This graph caught our eye. It comes from one of the regular weekly updates from the Australian Energy Regulator, but this one summarises some of the major events over the past two years.
In the graph above, the AER has tracked the major price spikes across the National Energy Market – and please note that these are weekly prices, rather than prices that reflect the normal half-hour settlement period. So no $14,200 prices here.
The causes outlined by the AER are pretty clear – mostly a mixture of plant problems (read, failing coal or gas generators), network faults, and high demand associated with high temperatures in summer. The lack of wind was mentioned once.
This next table is interesting too. We are taught to expect increased volatility as the share of renewables increases, but this table tells us otherwise.
Over the last year, the number of price spikes has fallen dramatically, possibly because of the increased scrutiny on bidding behaviour of the big generation companies, particularly in markets with little competition such as South Australia and Queensland.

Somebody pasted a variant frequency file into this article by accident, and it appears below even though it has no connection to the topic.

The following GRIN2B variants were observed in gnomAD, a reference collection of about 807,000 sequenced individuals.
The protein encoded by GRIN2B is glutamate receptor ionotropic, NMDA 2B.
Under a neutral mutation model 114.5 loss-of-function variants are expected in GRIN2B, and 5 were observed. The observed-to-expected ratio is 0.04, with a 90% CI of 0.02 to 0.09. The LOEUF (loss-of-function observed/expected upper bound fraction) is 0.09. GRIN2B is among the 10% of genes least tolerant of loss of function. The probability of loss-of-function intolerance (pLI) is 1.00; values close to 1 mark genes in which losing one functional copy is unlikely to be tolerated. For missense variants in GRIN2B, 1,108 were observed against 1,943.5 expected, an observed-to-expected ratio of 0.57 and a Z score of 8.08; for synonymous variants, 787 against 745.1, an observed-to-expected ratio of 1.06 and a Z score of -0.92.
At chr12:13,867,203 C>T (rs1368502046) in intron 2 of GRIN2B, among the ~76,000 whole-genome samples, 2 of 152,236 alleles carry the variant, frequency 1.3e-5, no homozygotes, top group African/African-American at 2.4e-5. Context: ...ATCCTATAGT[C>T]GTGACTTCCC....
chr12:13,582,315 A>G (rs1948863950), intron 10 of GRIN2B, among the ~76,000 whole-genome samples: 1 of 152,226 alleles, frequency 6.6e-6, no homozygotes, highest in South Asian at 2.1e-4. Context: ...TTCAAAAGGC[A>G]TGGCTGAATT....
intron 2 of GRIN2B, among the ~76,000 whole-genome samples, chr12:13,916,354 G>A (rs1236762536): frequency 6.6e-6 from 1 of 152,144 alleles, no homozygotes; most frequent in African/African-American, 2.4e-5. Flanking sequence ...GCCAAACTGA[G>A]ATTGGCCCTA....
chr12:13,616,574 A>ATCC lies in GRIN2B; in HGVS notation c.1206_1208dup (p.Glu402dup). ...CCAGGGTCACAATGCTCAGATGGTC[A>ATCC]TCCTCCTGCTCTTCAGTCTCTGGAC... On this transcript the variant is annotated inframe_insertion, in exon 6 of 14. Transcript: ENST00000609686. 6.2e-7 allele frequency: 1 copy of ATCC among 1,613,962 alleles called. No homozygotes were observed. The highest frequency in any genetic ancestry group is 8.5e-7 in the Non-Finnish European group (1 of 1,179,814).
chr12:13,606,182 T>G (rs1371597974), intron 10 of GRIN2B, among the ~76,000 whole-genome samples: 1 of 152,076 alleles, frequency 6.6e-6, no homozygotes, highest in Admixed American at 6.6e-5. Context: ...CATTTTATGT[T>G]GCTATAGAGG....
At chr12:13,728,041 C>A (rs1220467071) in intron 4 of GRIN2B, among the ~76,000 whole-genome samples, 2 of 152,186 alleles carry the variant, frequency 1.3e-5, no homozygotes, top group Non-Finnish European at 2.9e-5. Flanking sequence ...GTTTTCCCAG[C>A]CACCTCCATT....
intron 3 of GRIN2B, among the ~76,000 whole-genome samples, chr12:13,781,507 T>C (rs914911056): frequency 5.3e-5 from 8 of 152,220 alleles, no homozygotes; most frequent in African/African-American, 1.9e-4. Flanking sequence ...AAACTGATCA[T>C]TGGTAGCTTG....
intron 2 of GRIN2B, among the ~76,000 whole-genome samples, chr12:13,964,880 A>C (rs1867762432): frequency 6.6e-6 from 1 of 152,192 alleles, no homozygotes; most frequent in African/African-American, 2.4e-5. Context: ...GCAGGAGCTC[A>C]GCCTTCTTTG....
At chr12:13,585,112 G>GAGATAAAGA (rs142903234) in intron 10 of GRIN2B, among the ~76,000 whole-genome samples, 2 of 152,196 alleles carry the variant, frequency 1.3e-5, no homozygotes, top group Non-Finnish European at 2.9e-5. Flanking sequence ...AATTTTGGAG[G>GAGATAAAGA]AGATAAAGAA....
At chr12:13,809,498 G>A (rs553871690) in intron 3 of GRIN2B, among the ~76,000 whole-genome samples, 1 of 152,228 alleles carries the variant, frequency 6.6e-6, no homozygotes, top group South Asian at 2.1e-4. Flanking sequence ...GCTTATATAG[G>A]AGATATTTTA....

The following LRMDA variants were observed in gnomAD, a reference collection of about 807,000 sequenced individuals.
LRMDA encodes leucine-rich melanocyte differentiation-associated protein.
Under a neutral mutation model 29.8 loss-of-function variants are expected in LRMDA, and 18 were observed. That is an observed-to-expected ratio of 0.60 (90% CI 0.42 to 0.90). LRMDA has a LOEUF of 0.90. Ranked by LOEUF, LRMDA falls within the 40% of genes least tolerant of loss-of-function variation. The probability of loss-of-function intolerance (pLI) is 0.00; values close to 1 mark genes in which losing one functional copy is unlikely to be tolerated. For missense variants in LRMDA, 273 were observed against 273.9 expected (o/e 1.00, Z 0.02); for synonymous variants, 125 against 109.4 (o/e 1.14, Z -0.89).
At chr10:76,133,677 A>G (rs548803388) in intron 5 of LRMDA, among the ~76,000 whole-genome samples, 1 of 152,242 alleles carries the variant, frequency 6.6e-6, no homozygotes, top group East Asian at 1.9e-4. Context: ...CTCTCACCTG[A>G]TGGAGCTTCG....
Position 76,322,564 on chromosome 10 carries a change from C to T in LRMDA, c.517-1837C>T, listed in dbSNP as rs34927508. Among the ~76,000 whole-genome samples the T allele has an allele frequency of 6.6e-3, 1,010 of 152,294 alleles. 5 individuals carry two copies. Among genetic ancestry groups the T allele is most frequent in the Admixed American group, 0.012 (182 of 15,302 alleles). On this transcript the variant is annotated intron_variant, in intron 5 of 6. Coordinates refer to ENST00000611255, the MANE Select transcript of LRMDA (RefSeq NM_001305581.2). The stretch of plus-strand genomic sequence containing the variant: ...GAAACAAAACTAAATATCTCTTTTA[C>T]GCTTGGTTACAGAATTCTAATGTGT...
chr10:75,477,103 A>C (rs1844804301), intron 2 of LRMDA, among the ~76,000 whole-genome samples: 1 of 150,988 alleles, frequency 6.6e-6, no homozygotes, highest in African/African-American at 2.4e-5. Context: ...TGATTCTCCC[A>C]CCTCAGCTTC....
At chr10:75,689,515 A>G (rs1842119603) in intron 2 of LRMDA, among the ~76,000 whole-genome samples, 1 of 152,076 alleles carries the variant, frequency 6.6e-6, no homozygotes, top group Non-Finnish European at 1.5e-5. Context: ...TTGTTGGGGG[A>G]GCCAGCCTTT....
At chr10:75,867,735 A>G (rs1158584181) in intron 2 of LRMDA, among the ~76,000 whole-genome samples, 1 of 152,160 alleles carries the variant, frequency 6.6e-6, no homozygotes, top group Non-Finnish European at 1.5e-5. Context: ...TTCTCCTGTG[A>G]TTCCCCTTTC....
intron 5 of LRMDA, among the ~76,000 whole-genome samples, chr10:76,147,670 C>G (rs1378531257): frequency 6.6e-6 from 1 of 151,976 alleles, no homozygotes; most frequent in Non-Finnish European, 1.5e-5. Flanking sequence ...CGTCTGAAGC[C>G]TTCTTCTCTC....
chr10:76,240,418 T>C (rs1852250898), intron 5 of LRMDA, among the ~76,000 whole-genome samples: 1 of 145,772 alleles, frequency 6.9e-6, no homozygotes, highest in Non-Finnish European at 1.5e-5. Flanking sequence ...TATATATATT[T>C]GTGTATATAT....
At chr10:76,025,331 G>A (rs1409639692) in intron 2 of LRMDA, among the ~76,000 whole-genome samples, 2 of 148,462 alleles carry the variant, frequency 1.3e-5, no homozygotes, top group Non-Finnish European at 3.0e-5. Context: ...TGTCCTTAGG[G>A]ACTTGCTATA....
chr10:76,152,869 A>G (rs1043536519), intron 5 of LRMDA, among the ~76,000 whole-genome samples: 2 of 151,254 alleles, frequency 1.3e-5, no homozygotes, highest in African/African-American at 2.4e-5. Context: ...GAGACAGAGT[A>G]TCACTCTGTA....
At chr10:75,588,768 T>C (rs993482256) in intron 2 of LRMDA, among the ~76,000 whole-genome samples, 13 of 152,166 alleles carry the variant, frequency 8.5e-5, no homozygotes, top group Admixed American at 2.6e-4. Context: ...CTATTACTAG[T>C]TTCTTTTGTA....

South Australia remains the most volatile electricity market, as it has always been, but coal dependent Queensland (7 per cent renewables) and NSW also had high volatility.
Queensland’s was significantly reduced after the state government told its state-owned generators to pull their heads in, and while the number of price spikes also fell in NSW, it wasn’t far behind South Australia.
Even Victoria had less volatility in the first full year after the closure of Hazelwood.
This next one summarises the average prices – showing that all states except Victoria and Tasmania experienced falls in average spot prices. Victoria, because more expensive gas and more costly black coal in NSW played a greater role.
And finally, the AER notes, the market price cap for wholesale markets has risen to $14,500/MWh from $14,200/MWh.